Updated September 24, 2023 - 10:08 pm
How the Raiders performed in a 23-18 loss to the Pittsburgh Steelers on “Sunday Night Football” at Allegiant Stadium:
Too little, too late. The Raiders can’t run the ball. Period. I’m not sure they have a tight end. Jimmy Garoppolo finished 28 of 44 for 324 yards and two scores but also threw three interceptions. They finally got some things going late in the second half … against a prevent defense from the Steelers. They didn’t do much in the first half beyond a 32-yard scoring pass from Garoppolo to Davante Adams on fourth-and-inches. Garoppolo was sacked twice by T.J. Watt in the first 30 minutes, the second time seeing the quarterback getting bent backward and having to hobble off the field. He continued, but it made little difference in the end result. The Steelers totaled four sacks. Josh Jacobs broke out a bit late for the first time this season, finishing with 62 yards on 17 carries. But there is zero consistency with the offensive line blocking for him. They can’t win the line of scrimmage.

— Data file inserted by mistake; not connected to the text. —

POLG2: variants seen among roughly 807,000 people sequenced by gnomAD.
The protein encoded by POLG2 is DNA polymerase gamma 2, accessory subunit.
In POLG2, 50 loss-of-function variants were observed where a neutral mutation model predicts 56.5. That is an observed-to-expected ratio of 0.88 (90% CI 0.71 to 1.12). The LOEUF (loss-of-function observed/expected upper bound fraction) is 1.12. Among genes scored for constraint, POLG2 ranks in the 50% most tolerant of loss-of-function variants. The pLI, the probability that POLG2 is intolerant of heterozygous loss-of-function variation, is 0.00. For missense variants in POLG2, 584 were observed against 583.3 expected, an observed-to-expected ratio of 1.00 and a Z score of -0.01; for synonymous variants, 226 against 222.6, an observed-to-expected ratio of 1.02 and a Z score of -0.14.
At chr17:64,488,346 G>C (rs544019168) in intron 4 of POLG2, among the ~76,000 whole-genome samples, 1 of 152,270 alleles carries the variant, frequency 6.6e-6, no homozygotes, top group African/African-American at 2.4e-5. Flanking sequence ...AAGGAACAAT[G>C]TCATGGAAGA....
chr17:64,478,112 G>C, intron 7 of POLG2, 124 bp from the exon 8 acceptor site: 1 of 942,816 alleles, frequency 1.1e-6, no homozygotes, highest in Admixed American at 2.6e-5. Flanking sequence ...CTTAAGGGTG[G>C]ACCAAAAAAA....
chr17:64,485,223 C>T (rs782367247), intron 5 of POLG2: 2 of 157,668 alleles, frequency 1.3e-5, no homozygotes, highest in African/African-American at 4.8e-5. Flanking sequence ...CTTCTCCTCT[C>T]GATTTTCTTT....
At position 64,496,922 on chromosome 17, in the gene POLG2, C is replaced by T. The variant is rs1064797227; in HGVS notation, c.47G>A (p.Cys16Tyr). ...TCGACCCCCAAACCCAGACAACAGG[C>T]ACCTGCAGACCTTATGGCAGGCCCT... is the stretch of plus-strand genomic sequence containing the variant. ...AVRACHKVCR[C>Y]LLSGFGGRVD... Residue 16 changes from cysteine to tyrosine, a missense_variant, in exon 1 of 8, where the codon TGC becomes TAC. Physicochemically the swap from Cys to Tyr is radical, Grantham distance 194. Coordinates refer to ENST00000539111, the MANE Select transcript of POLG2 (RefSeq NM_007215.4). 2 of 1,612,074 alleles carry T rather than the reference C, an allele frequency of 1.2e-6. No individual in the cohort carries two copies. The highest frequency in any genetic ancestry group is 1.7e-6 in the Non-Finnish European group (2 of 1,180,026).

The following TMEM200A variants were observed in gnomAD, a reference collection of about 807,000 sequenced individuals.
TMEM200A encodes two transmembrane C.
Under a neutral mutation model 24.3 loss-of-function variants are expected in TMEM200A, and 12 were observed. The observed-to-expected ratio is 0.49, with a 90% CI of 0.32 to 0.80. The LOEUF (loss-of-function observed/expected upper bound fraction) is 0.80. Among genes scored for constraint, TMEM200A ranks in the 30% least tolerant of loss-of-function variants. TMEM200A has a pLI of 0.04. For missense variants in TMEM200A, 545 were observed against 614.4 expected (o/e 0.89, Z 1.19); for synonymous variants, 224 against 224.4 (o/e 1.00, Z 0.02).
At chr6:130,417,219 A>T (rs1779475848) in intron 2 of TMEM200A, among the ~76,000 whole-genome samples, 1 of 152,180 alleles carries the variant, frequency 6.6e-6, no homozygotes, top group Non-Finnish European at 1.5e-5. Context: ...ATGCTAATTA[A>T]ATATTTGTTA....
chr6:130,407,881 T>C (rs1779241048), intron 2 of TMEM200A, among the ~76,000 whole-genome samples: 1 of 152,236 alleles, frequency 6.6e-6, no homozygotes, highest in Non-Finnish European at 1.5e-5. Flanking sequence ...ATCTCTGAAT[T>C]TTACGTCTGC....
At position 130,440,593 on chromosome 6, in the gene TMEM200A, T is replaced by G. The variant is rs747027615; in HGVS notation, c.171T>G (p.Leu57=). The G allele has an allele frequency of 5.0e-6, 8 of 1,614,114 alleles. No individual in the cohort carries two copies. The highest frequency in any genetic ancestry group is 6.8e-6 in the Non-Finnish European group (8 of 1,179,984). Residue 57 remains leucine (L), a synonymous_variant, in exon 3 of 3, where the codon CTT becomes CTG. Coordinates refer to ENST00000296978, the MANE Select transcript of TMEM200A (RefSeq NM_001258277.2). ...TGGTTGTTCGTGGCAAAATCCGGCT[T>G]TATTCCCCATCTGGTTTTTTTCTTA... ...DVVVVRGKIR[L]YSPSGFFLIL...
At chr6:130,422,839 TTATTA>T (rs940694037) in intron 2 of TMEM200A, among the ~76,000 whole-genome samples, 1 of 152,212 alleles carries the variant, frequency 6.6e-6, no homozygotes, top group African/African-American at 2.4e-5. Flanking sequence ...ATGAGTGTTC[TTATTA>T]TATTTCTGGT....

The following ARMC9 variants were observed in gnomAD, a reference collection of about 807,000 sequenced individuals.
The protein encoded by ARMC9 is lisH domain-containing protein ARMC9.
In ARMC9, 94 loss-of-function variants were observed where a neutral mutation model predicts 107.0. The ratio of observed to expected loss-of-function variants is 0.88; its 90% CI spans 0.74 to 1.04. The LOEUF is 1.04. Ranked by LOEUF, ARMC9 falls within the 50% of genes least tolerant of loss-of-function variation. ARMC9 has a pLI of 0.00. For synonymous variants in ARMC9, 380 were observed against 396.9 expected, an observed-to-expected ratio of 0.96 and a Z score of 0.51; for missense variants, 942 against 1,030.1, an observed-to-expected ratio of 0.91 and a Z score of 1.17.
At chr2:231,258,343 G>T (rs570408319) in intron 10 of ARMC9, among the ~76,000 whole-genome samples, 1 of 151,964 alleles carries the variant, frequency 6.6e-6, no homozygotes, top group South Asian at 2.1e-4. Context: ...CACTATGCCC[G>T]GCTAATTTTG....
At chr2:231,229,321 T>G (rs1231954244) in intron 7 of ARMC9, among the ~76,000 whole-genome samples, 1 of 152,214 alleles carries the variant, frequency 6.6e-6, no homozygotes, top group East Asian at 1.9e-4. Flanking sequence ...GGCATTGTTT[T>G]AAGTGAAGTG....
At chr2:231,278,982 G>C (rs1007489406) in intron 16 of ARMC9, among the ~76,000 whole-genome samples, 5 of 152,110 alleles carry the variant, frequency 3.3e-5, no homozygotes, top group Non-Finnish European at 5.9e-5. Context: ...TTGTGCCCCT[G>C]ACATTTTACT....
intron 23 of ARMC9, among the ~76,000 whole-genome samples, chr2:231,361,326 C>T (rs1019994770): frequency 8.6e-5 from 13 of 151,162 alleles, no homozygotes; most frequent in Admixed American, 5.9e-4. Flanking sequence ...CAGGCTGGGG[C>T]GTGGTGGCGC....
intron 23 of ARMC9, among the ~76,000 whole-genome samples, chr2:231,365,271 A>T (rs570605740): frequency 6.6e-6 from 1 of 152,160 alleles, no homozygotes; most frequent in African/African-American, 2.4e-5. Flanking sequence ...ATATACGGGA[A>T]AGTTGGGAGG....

For much of the game, the Raiders made one of the NFL’s top struggling offenses look decent. On the game’s biggest play, with 2:12 left and the Steelers facing third-and-2 from their 33, the Raiders had a complete breakdown and allowed a 6-yard reception that essentially ended the game. They didn’t help themselves in trailing 13-7 at halftime, an unnecessary roughness call on Maxx Crosby leading to a Pittsburgh field goal and a pass interference by rookie cornerback Jakorian Bennett to another. Twice on the latter drive, the Raiders lost contain on Steelers quarterback Kenny Pickett on consecutive plays.
Special teams: B
Nothing to write home about. AJ Cole punted five times for an average of 52.4 yards with a long of 60, dropping one inside the 20-yard line. Daniel Carlson was good from 26 yards on his lone field-goal attempt.
This was a poorly coached game. The call to kick a field goal down eight and staring at fourth-and-4 from the Pittsburgh 8 with 2:25 left was miserable. Running the ball is critical at any level, and McDaniels and company can’t get anything going. There is no complementary football. It’s either the offense or defense making plays but never consistently together. McDaniels has lost 22 of the past 32 games he has coached.
Ed Graney, a Sigma Delta Chi Award winner for sports column writing, can be reached at email@example.com. He can be heard on “The Press Box,” ESPN Radio 100.9 FM and 1100 AM, from 7 to 10 a.m. Monday through Friday. Follow @edgraney on X.
Ed Graney Review-Journal